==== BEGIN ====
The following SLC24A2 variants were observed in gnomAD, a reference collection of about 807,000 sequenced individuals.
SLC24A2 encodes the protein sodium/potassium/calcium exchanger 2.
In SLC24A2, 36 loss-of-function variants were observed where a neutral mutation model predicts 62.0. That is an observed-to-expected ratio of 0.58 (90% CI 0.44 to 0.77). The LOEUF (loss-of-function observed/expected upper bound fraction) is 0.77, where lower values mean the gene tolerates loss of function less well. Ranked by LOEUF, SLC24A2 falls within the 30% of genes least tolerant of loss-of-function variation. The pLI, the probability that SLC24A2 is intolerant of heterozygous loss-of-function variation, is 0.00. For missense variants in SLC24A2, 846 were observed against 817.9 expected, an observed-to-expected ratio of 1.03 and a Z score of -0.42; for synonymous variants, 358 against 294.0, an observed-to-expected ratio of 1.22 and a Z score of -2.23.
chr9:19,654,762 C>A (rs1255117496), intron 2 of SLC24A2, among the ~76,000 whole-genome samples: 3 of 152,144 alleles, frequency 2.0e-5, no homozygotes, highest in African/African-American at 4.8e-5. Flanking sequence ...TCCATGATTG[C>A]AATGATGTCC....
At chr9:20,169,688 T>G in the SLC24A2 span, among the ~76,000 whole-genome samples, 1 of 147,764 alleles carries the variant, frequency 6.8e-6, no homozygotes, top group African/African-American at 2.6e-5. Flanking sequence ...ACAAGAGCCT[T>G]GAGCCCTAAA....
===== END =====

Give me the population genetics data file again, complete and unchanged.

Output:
The following SLC24A2 variants were observed in gnomAD, a reference collection of about 807,000 sequenced individuals.
SLC24A2 encodes the protein sodium/potassium/calcium exchanger 2.
In SLC24A2, 36 loss-of-function variants were observed where a neutral mutation model predicts 62.0. That is an observed-to-expected ratio of 0.58 (90% CI 0.44 to 0.77). The LOEUF (loss-of-function observed/expected upper bound fraction) is 0.77, where lower values mean the gene tolerates loss of function less well. Ranked by LOEUF, SLC24A2 falls within the 30% of genes least tolerant of loss-of-function variation. The pLI, the probability that SLC24A2 is intolerant of heterozygous loss-of-function variation, is 0.00. For missense variants in SLC24A2, 846 were observed against 817.9 expected, an observed-to-expected ratio of 1.03 and a Z score of -0.42; for synonymous variants, 358 against 294.0, an observed-to-expected ratio of 1.22 and a Z score of -2.23.
chr9:19,654,762 C>A (rs1255117496), intron 2 of SLC24A2, among the ~76,000 whole-genome samples: 3 of 152,144 alleles, frequency 2.0e-5, no homozygotes, highest in African/African-American at 4.8e-5. Flanking sequence ...TCCATGATTG[C>A]AATGATGTCC....
At chr9:20,169,688 T>G in the SLC24A2 span, among the ~76,000 whole-genome samples, 1 of 147,764 alleles carries the variant, frequency 6.8e-6, no homozygotes, top group African/African-American at 2.6e-5. Flanking sequence ...ACAAGAGCCT[T>G]GAGCCCTAAA....